Article Text

18 Transoesophageal echo in the investigation of cryptogenic stroke and transient ischaemic attack – diagnostic yield and impact on clinical management
  1. S McClelland,
  2. B Hennessey,
  3. N Fitzpatrick,
  4. D Collison,
  5. G Giblin,
  6. H Hussein,
  7. T Salim,
  8. D Foley,
  9. BF McAdam
  1. Beaumont Hospital, Dublin, Ireland


Introduction Transoesophageal echocardiography (TOE) is commonly performed in the investigation of ischaemic stroke/TIA. Previous studies have suggested a high yield of potentially significant clinical findings, but a wide variation in impact on clinical management.

Aim To examine the diagnostic yield of TOE in patients referred for investigation of ischaemic stroke/TIA in a single centre and to determine the impact of these findings on clinical management.

Methods 108 consecutive patients undergoing TOE for investigation of ischaemic stroke/TIA between July 2014 and April 2015 were identified. TOE reports, MRI/CT brain reports and clinical discharge summaries were reviewed for each patient.

Results 108 patients were identified. 74 were male (68.5%). Average age was 54.9 ± 13.3 years. The majority (77.8%) were aged ≤65 years. Average age in the “young CVA/TIA” cohort was 50 ± 10.3 years (range 21–65). 88 patients (81.5%) had CT/MRI-confirmed infarcts. 6 patients (5.6%) were in atrial fibrillation at the time of TOE. 17 patients (15.7%) had recurrent events and 18 (16.7%) had bilateral infarcts. At least one potentially significant finding was detected in 86 patients (79%).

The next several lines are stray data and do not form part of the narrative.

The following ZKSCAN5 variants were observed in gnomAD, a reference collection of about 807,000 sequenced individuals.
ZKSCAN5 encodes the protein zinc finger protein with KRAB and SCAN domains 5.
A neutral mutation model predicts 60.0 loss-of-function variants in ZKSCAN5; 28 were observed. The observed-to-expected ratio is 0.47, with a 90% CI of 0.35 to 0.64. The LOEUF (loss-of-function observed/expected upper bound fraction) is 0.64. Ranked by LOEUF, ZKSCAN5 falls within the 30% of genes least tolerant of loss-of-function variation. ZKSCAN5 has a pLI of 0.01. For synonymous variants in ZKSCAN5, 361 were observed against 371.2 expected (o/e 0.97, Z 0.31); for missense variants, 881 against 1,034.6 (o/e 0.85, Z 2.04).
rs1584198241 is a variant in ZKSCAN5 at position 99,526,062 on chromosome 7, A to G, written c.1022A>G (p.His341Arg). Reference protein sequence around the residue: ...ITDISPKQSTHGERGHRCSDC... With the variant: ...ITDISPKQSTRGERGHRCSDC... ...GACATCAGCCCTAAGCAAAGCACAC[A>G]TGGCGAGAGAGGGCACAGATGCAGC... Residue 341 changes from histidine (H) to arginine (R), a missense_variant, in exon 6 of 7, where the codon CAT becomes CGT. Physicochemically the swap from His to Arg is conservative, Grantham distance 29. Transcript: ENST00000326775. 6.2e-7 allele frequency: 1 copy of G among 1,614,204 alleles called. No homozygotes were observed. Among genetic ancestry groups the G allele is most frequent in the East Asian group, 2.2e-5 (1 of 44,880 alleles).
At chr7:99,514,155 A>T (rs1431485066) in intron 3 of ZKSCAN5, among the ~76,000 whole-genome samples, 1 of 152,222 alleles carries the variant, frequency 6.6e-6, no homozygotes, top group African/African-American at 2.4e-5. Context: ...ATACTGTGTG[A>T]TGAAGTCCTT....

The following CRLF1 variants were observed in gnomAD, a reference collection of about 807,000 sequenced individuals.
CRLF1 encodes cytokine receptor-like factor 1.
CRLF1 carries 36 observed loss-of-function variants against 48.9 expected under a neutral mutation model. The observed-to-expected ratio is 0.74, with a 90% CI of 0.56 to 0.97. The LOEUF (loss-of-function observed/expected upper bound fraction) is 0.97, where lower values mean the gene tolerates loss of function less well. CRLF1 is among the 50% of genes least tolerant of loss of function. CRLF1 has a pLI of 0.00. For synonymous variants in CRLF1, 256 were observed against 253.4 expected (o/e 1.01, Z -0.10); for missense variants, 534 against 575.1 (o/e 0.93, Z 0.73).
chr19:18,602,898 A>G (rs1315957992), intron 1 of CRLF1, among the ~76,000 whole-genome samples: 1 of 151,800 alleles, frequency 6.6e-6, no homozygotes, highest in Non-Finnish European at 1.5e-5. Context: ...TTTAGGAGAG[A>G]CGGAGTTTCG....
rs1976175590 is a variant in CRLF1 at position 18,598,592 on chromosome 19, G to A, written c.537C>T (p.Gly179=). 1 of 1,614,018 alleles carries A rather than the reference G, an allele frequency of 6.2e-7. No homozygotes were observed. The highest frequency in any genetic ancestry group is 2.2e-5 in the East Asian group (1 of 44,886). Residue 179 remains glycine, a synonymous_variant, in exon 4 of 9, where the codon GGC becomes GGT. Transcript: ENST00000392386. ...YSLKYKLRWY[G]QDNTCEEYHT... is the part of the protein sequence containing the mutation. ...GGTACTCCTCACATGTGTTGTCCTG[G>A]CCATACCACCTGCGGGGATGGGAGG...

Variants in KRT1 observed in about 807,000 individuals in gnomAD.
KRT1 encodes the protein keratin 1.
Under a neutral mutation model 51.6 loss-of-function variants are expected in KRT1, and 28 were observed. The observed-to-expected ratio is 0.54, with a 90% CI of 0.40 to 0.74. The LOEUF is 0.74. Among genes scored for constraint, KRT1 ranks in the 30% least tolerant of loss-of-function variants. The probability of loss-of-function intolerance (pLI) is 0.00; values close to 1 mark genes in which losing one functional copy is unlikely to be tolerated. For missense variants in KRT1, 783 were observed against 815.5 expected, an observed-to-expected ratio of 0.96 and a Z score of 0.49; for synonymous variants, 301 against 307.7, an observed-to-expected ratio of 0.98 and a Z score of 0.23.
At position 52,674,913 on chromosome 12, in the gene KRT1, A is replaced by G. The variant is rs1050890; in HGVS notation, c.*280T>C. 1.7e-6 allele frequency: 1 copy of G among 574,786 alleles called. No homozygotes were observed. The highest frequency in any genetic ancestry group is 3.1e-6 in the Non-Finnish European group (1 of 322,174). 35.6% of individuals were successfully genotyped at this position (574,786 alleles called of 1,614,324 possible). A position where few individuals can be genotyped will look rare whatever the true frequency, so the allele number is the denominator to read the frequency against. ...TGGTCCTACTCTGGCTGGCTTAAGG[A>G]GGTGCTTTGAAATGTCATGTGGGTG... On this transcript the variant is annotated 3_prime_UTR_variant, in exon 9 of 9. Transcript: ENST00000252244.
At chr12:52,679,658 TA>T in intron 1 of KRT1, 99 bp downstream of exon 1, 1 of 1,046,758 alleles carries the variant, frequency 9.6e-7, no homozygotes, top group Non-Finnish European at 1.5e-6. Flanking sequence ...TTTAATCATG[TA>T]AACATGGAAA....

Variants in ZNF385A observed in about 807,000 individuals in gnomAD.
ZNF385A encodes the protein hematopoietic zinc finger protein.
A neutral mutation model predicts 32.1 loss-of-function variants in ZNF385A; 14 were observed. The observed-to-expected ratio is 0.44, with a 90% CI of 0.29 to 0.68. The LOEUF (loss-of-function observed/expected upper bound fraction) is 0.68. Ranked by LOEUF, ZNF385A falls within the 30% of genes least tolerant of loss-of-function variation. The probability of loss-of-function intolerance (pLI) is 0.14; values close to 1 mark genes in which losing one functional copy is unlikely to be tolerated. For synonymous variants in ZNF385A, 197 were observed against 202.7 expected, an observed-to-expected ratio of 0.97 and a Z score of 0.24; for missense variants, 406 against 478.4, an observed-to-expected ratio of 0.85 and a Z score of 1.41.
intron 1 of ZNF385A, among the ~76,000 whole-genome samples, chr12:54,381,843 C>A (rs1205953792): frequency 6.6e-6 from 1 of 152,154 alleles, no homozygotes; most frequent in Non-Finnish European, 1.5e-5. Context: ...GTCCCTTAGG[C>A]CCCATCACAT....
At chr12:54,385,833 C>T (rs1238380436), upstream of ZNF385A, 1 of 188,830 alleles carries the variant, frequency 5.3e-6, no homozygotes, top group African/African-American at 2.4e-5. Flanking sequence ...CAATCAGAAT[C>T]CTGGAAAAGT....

Interatrial septum: Patent foramen ovale (PFO) was detected by colour flow in 48% of patients and right to left shunt demonstrated by bubble study in 84.6% of these cases. Interestingly, the prevalence of PFO did not differ between the “young stroke” cohort and the older age group (47% and 48%, respectively). Atrial septal aneurysm was detected in 12 patients (11.1%), all of whom had PFO. 3 patients who previously had device closure of PFO were investigated for symptom recurrence. Residual right to left shunt was demonstrated in one of these cases.

Left ventricle: 11 patients had impaired LV systolic function (10.2%), 4 with EF ≤ 35%. Mural thrombus was identified in one patient.

Left atrium (LA)/Left atrial appendage (LAA): Significant LA dilatation was identified in 23 patients (21.3%). This was more prevalent in the older age group. Spontaneous echocontrast was visualised in 3 cases (2.8%), two of whom were aged >65 years. LAA prethrombus/thrombus were detected in two older patients (1.9%).

Valvular abnormalities: Valvular abnormalities were detected in 40 patients (37%). Valvular echodensities were visualised in 28 patients. The majority were degenerative, while one patient was diagnosed with infective endocarditis. 7 patients had significant mitral regurgitation (6.5%) and one patient had mechanical mitral valve thrombus.

Aortic atheroma: 32 patients had Grade II or higher aortic atheroma (29.6%), which was more prevalent in the older age group. Two patients had grade V aortic atherosclerosis.

Impact on clinical management: Clinical management was changed in 21 (19.4%) patients on the basis of TOE findings alone. The majority of these changes (13 patients, 12%) involved insertion of or referral for device-occlusion of PFO. No patient >65 years was referred for PFO closure. One patient was referred for LAA occlusion. Three (2.8%) were anticoagulated on the basis of TOE findings alone.

An alternative/competing mechanism for stroke/TIA was subsequently identified in 20.4% of patients.

Conclusion The diagnostic yied of TOE in ischaemic stroke/TIA in this cohort was high with a potentially significant abnormality identified in 79% of patients. Where management was changed as a result (19.4% of patients), the majority were referred for device closure of PFO in the younger population.

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